Houston Janitors Clean Up After Strike

HOUSTON JANITORS CLEAN UP AFTER STRIKE Six of the 7 janitorial services companies affected by a month-long walkout agreed to a tentative settlement late Wednesday that should end the work stoppage by more than 3,000 Houston janitors. Beginning next January, janitors will earn an additional 25 cents an hour each year, bringing their pay to $9.35 an hour by 2016. The Service Employees International Union Local 1 had sought an increase to $10 an hour over 3 years, beginning a strike early last month after the companies offered only a 50-cent increase over 5 years. The janitors were reportedly unsuccessful in efforts to lengthen their work hours. [Texas Observer]

12 Comment

  • 25 cents an hour more? Wow, they really hate these people.

  • Nobody hates these people, it’s simply what the market forces dictate to pay for such job.

    A 10% increase in pay to a workforce is a major expense to any business.

    Frankly I’m surprised the non-skilled labor can strike at all. They can all be replaced at a drop of a hat.

  • Welcome to the future. Imagine trying to live on those wages…

  • Living on $10/hr isn’t easy though we’re talking about non skilled labor. It’s not the type of work designed to support a family.
    Everyone wants everyone to get paid a good wadge — unless you’re the one writing the check. Then, rightfully so, you’ll try to get as much labor as you can for your dollar – Just as every shopper in the world tries to get as much product for their dollar.
    Mies: I suspect you price shop right? Trying to find the good deals? The people that can offer the good deals are the ones that have the lowest costs. How do you think the companies that save you money save you that money? By cutting their costs of goods *and labor*.
    Look at it this way: If a company paid their cleaning guys $20/hr, what do you think that would do to their prices? Next, what would that do to their sales?
    Next what would that do to their ability to stay in business?
    Next what would that do for the workers that lost their job when the company went out of business.
    Labor will be paid what the supply and demand for that type of labor dictates. Just like everything else. Sometimes if you have a skill that’s in low demand (or high supply) you’re not going to get a lot for it. The only option is to develop a skill that’s in higher demand (or lower supply). Sometimes it doesn’t provide the results we like, but its the best system there is.

  • They won’t really see an increase in pay after union dues and legal fees are collected

  • I thought this kind of thing is why companies are leaving California and coming to Texas. SIEU is probably seeing this as establishing a foothold in a new market. It’s unfortunate that Houston is becoing the kind of the town where this kind of thing happens.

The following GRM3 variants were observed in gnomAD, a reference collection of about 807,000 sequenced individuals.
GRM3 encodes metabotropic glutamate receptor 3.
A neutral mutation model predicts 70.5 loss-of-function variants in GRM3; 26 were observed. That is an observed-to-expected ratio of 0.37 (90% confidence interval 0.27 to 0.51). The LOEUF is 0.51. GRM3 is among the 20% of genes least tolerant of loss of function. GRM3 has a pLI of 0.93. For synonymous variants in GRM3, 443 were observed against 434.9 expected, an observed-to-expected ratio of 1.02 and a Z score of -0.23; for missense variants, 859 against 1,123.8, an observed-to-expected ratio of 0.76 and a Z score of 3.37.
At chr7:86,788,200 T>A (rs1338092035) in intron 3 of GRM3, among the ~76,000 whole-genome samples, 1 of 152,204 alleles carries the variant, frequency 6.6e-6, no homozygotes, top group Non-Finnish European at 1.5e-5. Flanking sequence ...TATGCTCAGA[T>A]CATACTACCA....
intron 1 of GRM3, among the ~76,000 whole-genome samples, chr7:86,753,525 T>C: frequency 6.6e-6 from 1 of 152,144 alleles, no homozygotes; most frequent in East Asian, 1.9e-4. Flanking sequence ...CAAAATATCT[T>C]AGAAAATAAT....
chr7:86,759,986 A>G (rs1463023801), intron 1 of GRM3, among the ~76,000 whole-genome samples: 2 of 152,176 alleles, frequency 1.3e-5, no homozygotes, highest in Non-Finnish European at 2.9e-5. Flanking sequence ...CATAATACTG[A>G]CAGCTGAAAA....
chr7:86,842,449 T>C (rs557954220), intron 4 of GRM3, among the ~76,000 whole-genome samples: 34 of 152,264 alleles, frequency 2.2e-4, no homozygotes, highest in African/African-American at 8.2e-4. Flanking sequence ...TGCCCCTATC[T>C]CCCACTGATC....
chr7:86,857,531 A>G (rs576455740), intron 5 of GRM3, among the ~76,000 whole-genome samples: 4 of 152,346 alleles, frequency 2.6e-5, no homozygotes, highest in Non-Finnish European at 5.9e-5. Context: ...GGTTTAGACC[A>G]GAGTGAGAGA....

• Uh-oh. Cody must’ve taken an Econ 101 course online recently. Thanks for helping us see the light of this this very complex subject, Cody.

  • Okay, so the current janitors displaced the former janitors because the former janitors were probably grumbling about a livable wage for being a janitor. They were displaced by, okay I’m just going to say it, illegals who were willing to work for less money.

    Now the people who were willing to work for a less than livable wage demanded and received a raise.

    Makes me wonder what happened to the first group?

  • J: glad I could help explain. You’re right. That’s just basic Econ 101. Sadly it seems many people don’t grasp basic economic principles. I know you’re saying this with a mix of sarcasm and spite but it doesn’t make it less true.

  • @Cody: Love the arrogance of this – “not the type of work designed to support a family”.

    Gee, first of all, it isn’t the work that is the problem – it is the wages being paid. If you do the math, it is hard for a single person to support themselves on this pay (healthcare, anyone?), and impossible for a family.

    This is why unions are necessary. Yes, it increases the cost of doing business, but so does paying outrageous amounts of money to CEO’s and other top executives. Ultimately, the exploitation of labor amounts to class warfare.

  • Miles, quite on the contrary, the job IS the problem, not the wages. The wages are determined by the skill of the person, so if you don’t like the job, don’t take it, get better skills first.
    What really is class warfare is union mobsters holding businesses hostage to force them to pay for a service more than the market dictates.
    I still fail to see why this is even an issue with unskilled workers… they can all be replaced at the drop of a sombrero.

  • Mies: I’m sorry you feel that way. I’m not trying to be cold hearted.
    It’s not arrogance, it’s fact. If I point out the fact it’s cold outside during the winter, don’t be upset at me that you need a jacket.
    Not every type of job offered to every single person is going to be in high enough demand that it’s going to be paid an amount to support a family. That’s no ones fault.
    Just like not everyone that’s SELF EMPLOYED is guaranteed enough to support their family.
    How can you possibly guarantee that every job that anyone might have can support a family? Government force? Likewise, should we guarantee that everyone that works for THEMSELVES makes $x? If so, I’d like a check for the few years I worked for myself and make $0. And who is picking up this bill? There are not enough evil CEOs to drain to make sure every job has the pay you’d (or I’d) want.